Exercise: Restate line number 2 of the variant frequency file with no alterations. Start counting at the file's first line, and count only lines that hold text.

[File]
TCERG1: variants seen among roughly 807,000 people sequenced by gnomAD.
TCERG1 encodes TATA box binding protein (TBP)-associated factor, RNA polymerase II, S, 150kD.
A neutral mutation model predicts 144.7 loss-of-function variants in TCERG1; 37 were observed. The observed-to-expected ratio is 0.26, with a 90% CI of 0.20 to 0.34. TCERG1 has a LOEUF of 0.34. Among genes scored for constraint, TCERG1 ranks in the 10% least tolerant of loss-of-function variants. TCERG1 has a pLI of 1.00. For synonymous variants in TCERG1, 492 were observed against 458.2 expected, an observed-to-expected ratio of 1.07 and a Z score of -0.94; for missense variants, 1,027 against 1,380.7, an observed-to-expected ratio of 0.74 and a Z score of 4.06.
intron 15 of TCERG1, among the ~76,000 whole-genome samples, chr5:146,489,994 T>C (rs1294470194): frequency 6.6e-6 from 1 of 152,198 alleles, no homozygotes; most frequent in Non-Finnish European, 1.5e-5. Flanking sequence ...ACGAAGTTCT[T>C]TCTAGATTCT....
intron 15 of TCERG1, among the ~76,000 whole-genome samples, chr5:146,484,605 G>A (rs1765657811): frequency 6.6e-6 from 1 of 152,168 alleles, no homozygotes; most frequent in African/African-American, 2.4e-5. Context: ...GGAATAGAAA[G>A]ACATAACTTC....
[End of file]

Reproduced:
TCERG1 encodes TATA box binding protein (TBP)-associated factor, RNA polymerase II, S, 150kD.